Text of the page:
Are we there yet?
It's half time in this marathon of Clasicos and I gotta tell you, I'm not full of confidence for the upcoming Champions League games for all sorts of reasons. In no particular order, here's what I'm feelin'.
1. David Villa
After going on a Zlatan-style late season slump (no gols in eleven games for Barcelona), Villa finally hit the back of the net against Osasuna on Saturday night. The blaugrana number seven has looked a shadow of his usual self down the stretch, frequently substituted (as he was again on the weekend after only 57 minutes) and was absolutely awful in the Copa del Rey Final on Wednesday, caught offside with Pippo Inzaghi-like regularity, diving around, whinging and generally contributing nothing. He should have been hauled off well before the start of the second half of extra time.
This very much parallels Ibrahimovic's stuttering finish to his one and only season at the Camp Nou. Unlike last time out though, there's no one like Bojan on a hot streak (he knocked in six in the last eight I think) to step into the team and replace him. Bojan is injured and won't be fit again before the season ends. Afellay has barely played since joining from PSV in January, limited to late substitute appearances and starts in dead rubber Copa games. Jeffren, who managed ninety minutes vs. Osasuna (and who's cross set up Villa's gol) has been plagued by injury and only played a handful of times. None of the Barça B forwards seem to be under consideration, Nolito had a few fruitless run outs earlier in the season but back to the Segunda he went (his contract is up in June and there seems to be no appetite to renew it).
The upshot of all of this is that Villa has continued to labour away, playing rubbish with no one stepping up to the plate to put any pressure on him or take his place. His level of play has been a big factor in the side scoring far fewer gols of late (the 5-1 victory over Shaktar an anomaly rather than the norm as it was earlier in the season).
2. The squad and injuries
The Villa problem is somewhat symptomatic of the of a wider problem that has been thrown into stark relief in the last two months; the size of the squad and it's inability of cope with injuries. For a club as big as Barcelona the squad is tiny. Not counting B team players like Fontas or Alcantara who regularly get promoted to the 1st team match day squad, there are just twenty (20) players on the books at the Camp Nou.
Of those twenty, just one is a right back (Dani Alves), and of the twenty, six, five defenders and Bojan, are currently injured. The defence that finished the game against Osasuna consisted of Dani, two defensive midfielders (the only two), Busquets and Mascherano, and a crocked Maxwell, in for a crocked Adriano. While Pique will be back for the Madrid game, Masch or even Jeffren at left back seems increasingly likely. Quite the patchwork quilt eh? All this while a plethora of players have been loaned out everywhere from the Brum to Santander.
Now it's easy to be all Captain Hindsight in these situations and quite frankly I'd rather see Cacares and Hleb loaned out or sold altogether as opposed to having the around gumming up the works at the Camp Nou. But still, compare the Barça and Madrid benches from Wednesday. Where the blaugrana featured Fontas, Alcantara and a unfit Carles Puyol, Madrid had Higuain, Benzema, Adebayor and Kaka. And while it's true that los blancos have near unlimited resources to construct such a squad and Barça are sinking in debt, the point still remains, there are not enough players at FCB and it's at the business end of the season when this really starts to tell.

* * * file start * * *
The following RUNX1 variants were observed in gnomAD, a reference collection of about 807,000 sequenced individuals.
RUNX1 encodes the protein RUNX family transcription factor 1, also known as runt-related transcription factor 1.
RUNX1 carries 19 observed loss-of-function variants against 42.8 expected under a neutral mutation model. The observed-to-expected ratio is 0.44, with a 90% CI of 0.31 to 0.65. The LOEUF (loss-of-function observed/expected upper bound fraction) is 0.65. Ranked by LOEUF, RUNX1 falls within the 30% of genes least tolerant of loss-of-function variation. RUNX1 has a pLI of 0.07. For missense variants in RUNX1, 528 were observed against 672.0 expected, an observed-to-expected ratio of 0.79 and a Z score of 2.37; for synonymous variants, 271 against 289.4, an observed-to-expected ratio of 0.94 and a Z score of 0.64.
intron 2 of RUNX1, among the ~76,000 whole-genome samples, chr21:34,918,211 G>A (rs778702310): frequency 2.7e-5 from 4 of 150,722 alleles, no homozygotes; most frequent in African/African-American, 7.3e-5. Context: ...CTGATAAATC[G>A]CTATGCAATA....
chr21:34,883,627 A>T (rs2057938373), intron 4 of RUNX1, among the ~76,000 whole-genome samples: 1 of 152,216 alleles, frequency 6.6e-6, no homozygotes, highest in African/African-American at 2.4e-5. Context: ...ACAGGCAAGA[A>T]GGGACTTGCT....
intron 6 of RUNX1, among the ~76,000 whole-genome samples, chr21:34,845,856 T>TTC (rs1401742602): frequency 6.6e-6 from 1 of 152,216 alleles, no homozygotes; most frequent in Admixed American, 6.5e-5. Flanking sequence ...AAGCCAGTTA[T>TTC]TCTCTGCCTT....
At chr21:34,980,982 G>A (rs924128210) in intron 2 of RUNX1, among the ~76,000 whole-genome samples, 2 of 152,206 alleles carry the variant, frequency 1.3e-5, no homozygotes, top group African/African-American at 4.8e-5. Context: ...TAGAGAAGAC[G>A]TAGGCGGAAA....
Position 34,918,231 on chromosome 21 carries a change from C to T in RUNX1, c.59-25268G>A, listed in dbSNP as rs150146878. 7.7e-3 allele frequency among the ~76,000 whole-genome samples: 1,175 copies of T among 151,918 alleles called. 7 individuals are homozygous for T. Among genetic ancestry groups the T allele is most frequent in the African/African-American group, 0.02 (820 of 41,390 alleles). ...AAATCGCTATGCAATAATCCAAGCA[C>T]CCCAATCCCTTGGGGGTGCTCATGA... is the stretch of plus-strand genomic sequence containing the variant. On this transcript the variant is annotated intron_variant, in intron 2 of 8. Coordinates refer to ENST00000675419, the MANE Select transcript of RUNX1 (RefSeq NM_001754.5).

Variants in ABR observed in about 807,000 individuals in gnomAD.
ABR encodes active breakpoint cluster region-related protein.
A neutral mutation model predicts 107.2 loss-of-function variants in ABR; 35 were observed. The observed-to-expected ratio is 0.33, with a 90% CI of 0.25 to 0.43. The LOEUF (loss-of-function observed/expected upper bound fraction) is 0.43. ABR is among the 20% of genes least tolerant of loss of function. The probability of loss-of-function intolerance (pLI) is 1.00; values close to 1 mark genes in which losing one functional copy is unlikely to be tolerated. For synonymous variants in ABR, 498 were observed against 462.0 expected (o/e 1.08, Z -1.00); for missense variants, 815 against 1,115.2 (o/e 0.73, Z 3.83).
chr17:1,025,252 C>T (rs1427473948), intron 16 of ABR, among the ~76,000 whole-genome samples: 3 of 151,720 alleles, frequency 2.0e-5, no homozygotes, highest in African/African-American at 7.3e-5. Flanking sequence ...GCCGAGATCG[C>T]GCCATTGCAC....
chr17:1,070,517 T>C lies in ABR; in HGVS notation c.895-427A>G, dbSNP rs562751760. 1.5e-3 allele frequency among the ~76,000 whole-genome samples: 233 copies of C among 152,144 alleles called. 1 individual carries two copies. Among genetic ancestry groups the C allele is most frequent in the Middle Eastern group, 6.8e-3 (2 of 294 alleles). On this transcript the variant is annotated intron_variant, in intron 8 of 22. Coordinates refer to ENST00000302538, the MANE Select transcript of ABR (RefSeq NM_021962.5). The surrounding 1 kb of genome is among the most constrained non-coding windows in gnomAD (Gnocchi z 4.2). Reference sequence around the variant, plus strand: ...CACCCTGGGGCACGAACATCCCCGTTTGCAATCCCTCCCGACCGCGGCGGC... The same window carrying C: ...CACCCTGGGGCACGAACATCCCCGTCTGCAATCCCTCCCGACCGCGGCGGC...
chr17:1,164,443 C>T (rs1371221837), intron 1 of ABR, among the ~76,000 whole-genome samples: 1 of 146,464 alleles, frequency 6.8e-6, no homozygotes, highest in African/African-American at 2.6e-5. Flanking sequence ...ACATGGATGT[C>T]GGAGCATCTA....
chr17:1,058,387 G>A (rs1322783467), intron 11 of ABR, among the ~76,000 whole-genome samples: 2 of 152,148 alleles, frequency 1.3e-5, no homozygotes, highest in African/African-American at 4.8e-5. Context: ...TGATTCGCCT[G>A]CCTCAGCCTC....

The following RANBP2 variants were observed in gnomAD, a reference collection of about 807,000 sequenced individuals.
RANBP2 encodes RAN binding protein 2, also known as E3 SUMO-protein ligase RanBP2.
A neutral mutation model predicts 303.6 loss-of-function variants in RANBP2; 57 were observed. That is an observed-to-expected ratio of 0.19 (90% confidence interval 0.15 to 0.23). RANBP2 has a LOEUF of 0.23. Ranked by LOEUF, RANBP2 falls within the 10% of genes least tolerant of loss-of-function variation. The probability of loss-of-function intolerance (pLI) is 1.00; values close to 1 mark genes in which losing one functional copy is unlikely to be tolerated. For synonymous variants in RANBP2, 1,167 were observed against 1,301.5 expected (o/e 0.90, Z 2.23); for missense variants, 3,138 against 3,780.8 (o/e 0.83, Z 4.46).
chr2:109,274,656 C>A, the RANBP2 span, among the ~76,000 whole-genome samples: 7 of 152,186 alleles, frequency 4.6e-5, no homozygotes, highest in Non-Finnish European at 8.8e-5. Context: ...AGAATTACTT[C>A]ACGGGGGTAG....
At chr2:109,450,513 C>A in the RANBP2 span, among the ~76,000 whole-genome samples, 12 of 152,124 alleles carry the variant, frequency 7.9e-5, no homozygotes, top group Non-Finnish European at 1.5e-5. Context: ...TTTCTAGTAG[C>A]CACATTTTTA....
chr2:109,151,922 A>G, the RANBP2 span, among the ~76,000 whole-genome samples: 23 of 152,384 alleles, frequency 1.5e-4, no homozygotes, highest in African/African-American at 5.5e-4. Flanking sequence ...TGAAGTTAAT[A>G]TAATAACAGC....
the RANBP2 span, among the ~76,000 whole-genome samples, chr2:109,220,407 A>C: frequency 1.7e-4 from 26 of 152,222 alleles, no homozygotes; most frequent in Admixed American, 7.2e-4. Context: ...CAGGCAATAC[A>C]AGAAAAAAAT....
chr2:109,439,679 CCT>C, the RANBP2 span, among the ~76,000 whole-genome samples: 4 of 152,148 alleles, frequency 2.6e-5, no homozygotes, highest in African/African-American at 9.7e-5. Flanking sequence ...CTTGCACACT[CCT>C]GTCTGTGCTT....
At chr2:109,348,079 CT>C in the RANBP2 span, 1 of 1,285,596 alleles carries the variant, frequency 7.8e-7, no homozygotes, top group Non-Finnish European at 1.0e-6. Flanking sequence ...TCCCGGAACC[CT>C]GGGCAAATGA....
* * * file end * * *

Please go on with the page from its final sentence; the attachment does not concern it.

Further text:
3. Madrid (Cabron!)
They're pretty fucking good what? Stoic in defence, reinvigorated in attack (putting 6, SIX! past third place Valencia on Saturday night and supremely skilled in the Jose Mourinho school of rotational fouling and excessive diving. Madrid's 80 points from 33 games would see them top any other league in Europe (by seven in England, nine in Serie A, eleven in Germany and a massive twenty one in Ligue 1) Instead they remain second with five games to go and baring a meltdown from Barça of well, Barcelona proportions, second is where they'll stay. As was noted last year, the problem isn't Madrid, it's Barcelona. Barça are definitely better over 38 games. Over two, I just don't know.
I worry that Madrid, having been able to rest more than half of their first team and still rack up an ice hockey score versus Barcelona, having to bring on Messi, Andres and Xavi in order to close it out against Osasuna, have the edge. Thus far, in 210 minutes of clasico futbol, Barça have scored just once, a penalty. 5-0 seems a very long time ago. Scoring an away gol at the Bernabeu is essential in order to avoid the crippling heartbreak of last year when Mourinho's Inter ground out the most artless of 0-1 defeats.
4. The positives
You know, such as there are any... Despite all this doom and gloom Barça remain eight points clear with five games to play and lost the Copa to a solitary gol in the Final, they weren't dumped out in the first round.
The form of Andres Iniesta and Dani Alves has been encouraging. Both have been exceptional of late. Leo Messi just hit fifty, like 5-Oh gols for the season. Valdes has been fantastic and despite the constant rotation of the defence, it's been pretty solid and Puyol should be back for the match on Wednesday night (he'll certainly make the return leg). They're definitely good enough, they're playing well enough (the second half in Valencia was brilliant) and they should do this but I expect it'll be by a last minute Andres' gol at the Bridge-type margin. *takes deep break*